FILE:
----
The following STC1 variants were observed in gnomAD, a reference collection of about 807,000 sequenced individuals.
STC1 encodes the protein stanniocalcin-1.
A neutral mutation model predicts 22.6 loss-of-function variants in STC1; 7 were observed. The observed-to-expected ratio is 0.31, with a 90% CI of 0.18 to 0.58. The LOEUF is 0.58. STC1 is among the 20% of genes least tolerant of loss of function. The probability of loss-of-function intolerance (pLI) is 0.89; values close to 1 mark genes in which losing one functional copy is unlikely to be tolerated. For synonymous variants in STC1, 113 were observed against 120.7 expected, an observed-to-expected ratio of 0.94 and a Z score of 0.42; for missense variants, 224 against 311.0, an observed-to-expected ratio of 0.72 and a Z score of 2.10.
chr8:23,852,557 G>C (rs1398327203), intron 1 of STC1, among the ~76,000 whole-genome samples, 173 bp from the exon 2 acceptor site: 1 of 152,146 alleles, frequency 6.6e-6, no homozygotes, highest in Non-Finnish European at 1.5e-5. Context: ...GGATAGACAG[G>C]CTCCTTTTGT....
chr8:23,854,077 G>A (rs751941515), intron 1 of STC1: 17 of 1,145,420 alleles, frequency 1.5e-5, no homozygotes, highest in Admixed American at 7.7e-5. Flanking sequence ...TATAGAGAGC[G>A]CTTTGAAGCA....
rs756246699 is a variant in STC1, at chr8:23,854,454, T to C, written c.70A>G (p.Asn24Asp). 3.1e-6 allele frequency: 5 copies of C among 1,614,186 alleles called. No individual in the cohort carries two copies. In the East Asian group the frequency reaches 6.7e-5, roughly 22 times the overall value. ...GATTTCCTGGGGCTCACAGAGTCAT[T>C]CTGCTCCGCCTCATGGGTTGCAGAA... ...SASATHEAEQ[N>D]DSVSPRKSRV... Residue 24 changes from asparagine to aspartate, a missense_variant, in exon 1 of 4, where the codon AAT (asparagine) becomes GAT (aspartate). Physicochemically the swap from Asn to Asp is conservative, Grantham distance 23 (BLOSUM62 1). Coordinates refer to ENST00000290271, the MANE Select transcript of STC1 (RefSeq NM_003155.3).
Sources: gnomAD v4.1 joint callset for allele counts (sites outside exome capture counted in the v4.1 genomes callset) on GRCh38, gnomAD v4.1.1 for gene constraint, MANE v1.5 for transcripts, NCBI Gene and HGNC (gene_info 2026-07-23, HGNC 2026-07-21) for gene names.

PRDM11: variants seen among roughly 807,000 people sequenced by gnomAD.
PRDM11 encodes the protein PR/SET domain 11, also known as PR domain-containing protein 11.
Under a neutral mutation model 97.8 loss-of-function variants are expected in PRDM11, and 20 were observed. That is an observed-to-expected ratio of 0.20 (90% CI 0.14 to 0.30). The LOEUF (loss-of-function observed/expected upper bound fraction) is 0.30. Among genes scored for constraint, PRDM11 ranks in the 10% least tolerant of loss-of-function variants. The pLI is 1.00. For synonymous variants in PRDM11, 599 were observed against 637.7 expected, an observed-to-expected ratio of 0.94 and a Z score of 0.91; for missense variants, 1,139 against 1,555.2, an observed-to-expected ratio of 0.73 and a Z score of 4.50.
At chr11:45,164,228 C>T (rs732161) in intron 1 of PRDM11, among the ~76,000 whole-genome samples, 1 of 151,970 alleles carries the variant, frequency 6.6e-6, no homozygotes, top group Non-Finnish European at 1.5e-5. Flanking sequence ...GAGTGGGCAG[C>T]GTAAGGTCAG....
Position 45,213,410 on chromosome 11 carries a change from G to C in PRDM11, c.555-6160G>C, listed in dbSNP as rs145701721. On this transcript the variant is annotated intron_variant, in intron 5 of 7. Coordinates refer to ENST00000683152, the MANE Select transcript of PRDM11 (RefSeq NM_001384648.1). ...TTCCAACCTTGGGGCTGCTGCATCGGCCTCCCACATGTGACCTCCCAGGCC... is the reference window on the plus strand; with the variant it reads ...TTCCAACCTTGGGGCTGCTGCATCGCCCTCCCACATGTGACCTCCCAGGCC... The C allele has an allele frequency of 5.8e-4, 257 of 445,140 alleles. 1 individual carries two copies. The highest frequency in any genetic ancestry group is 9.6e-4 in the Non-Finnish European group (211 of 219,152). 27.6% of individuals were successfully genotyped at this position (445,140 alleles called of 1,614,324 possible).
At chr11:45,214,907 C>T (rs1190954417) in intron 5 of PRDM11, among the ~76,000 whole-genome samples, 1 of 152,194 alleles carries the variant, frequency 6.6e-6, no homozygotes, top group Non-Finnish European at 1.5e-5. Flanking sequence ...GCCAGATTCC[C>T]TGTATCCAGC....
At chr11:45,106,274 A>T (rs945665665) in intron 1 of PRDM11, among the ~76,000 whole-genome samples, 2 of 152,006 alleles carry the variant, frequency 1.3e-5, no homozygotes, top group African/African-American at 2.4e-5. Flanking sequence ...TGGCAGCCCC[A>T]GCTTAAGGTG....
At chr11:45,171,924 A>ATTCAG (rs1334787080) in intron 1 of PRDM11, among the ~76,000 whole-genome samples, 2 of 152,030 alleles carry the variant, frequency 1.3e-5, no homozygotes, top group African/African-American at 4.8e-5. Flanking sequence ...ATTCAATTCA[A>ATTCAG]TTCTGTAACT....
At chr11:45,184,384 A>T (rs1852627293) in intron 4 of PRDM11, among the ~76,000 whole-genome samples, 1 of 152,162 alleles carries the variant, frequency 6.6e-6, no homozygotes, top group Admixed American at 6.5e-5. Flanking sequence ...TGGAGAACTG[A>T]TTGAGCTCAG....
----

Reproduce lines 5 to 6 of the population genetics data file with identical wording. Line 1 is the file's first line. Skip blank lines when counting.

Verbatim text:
chr8:23,854,077 G>A (rs751941515), intron 1 of STC1: 17 of 1,145,420 alleles, frequency 1.5e-5, no homozygotes, highest in Admixed American at 7.7e-5. Flanking sequence ...TATAGAGAGC[G>A]CTTTGAAGCA....
rs756246699 is a variant in STC1, at chr8:23,854,454, T to C, written c.70A>G (p.Asn24Asp). 3.1e-6 allele frequency: 5 copies of C among 1,614,186 alleles called. No individual in the cohort carries two copies. In the East Asian group the frequency reaches 6.7e-5, roughly 22 times the overall value. ...GATTTCCTGGGGCTCACAGAGTCAT[T>C]CTGCTCCGCCTCATGGGTTGCAGAA... ...SASATHEAEQ[N>D]DSVSPRKSRV... Residue 24 changes from asparagine to aspartate, a missense_variant, in exon 1 of 4, where the codon AAT (asparagine) becomes GAT (aspartate). Physicochemically the swap from Asn to Asp is conservative, Grantham distance 23 (BLOSUM62 1). Coordinates refer to ENST00000290271, the MANE Select transcript of STC1 (RefSeq NM_003155.3).